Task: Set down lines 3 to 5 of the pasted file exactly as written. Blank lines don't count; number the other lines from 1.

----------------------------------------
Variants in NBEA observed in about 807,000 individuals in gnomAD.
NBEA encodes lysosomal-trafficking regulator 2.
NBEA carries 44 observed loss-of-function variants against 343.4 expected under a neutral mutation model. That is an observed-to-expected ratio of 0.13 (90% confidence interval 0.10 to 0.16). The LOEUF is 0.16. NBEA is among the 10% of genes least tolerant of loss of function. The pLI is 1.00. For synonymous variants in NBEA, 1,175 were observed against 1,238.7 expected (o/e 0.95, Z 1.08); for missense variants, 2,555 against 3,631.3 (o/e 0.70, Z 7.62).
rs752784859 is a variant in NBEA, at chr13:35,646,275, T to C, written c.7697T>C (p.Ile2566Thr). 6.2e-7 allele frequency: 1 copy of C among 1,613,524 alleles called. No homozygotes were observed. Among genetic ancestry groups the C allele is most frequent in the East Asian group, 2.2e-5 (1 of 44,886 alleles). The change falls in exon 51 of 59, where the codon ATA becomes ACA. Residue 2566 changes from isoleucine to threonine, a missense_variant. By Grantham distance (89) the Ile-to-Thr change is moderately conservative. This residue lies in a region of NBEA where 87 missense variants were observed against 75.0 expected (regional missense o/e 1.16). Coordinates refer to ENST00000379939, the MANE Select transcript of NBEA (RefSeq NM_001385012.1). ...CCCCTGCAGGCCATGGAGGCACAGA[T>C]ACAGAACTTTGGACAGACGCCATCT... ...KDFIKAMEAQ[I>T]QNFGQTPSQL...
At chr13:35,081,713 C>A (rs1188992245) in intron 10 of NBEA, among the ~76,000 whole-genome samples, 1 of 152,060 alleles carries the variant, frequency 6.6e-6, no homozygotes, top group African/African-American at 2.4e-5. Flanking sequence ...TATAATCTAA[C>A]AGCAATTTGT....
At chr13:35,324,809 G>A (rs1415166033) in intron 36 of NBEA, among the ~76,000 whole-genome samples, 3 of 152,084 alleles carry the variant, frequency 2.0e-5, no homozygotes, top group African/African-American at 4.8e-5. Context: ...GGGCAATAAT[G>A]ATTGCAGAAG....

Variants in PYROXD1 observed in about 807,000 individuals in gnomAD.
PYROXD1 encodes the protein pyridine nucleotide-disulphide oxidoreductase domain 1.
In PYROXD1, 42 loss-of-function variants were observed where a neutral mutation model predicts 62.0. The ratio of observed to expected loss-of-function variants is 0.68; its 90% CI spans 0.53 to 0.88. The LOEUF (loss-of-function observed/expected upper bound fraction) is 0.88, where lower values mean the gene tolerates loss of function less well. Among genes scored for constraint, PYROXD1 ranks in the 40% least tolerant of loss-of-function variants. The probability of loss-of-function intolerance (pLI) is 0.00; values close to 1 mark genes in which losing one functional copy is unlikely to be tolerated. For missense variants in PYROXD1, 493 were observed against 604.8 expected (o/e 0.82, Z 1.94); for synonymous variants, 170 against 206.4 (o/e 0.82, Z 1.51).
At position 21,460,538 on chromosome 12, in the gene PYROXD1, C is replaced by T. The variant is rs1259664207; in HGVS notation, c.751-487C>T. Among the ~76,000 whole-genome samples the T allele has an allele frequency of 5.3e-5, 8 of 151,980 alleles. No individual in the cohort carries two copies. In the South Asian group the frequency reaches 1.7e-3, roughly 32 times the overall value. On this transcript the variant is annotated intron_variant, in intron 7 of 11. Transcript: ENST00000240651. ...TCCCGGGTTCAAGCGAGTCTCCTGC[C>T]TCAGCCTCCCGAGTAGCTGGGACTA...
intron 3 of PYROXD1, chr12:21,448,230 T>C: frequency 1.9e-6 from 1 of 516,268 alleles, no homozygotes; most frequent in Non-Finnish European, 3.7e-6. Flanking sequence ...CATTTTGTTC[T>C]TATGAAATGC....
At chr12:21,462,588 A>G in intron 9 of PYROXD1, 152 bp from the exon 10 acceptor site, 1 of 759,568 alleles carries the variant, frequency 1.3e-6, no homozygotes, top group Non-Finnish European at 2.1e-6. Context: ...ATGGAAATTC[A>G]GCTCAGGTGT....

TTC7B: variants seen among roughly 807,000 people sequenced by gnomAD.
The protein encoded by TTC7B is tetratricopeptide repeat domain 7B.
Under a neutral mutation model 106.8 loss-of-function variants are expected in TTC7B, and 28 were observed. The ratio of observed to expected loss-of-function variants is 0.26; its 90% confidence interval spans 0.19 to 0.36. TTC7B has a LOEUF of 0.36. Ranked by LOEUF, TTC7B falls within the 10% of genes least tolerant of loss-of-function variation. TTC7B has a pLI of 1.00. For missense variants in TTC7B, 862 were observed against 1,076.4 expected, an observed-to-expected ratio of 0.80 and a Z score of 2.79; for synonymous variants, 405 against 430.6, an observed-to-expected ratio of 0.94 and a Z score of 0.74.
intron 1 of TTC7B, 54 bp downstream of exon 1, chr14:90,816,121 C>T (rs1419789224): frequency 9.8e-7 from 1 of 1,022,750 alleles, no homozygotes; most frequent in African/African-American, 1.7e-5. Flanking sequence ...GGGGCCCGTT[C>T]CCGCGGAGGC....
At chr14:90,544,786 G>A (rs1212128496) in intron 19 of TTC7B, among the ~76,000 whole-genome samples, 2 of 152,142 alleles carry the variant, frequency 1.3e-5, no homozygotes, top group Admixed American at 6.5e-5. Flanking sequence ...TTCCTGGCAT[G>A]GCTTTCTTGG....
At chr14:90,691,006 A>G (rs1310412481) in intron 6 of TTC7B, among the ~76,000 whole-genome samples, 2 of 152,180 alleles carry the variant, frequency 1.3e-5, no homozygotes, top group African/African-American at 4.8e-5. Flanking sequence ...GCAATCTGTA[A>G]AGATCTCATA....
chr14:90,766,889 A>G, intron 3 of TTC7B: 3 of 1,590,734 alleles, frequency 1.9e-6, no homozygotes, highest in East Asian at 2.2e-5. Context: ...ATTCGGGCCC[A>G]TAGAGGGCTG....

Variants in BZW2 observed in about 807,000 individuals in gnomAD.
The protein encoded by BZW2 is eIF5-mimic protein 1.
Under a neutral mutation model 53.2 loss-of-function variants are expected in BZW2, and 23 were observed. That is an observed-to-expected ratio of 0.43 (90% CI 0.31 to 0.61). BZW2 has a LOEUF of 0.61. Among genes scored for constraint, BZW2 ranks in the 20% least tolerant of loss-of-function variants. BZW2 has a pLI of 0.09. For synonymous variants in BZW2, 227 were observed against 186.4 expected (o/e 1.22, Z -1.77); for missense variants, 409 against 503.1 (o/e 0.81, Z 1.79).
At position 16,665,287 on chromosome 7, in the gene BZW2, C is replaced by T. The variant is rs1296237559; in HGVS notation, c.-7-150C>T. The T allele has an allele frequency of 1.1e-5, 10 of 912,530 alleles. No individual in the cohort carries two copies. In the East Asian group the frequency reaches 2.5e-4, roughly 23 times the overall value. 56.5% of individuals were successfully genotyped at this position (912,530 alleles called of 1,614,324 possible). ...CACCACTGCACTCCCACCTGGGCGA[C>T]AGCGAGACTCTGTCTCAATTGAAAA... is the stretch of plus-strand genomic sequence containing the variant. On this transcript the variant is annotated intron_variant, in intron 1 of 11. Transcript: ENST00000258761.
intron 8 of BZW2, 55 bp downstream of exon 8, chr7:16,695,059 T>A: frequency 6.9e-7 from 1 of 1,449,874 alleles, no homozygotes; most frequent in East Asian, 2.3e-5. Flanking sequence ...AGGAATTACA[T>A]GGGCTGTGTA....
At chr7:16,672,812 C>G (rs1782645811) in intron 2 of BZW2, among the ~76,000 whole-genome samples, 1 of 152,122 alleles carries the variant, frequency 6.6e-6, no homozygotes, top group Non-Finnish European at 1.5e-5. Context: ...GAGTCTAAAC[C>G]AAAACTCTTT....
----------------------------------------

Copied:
NBEA carries 44 observed loss-of-function variants against 343.4 expected under a neutral mutation model. That is an observed-to-expected ratio of 0.13 (90% confidence interval 0.10 to 0.16). The LOEUF is 0.16. NBEA is among the 10% of genes least tolerant of loss of function. The pLI is 1.00. For synonymous variants in NBEA, 1,175 were observed against 1,238.7 expected (o/e 0.95, Z 1.08); for missense variants, 2,555 against 3,631.3 (o/e 0.70, Z 7.62).
rs752784859 is a variant in NBEA, at chr13:35,646,275, T to C, written c.7697T>C (p.Ile2566Thr). 6.2e-7 allele frequency: 1 copy of C among 1,613,524 alleles called. No homozygotes were observed. Among genetic ancestry groups the C allele is most frequent in the East Asian group, 2.2e-5 (1 of 44,886 alleles). The change falls in exon 51 of 59, where the codon ATA becomes ACA. Residue 2566 changes from isoleucine to threonine, a missense_variant. By Grantham distance (89) the Ile-to-Thr change is moderately conservative. This residue lies in a region of NBEA where 87 missense variants were observed against 75.0 expected (regional missense o/e 1.16). Coordinates refer to ENST00000379939, the MANE Select transcript of NBEA (RefSeq NM_001385012.1). ...CCCCTGCAGGCCATGGAGGCACAGA[T>C]ACAGAACTTTGGACAGACGCCATCT... ...KDFIKAMEAQ[I>T]QNFGQTPSQL...
At chr13:35,081,713 C>A (rs1188992245) in intron 10 of NBEA, among the ~76,000 whole-genome samples, 1 of 152,060 alleles carries the variant, frequency 6.6e-6, no homozygotes, top group African/African-American at 2.4e-5. Flanking sequence ...TATAATCTAA[C>A]AGCAATTTGT....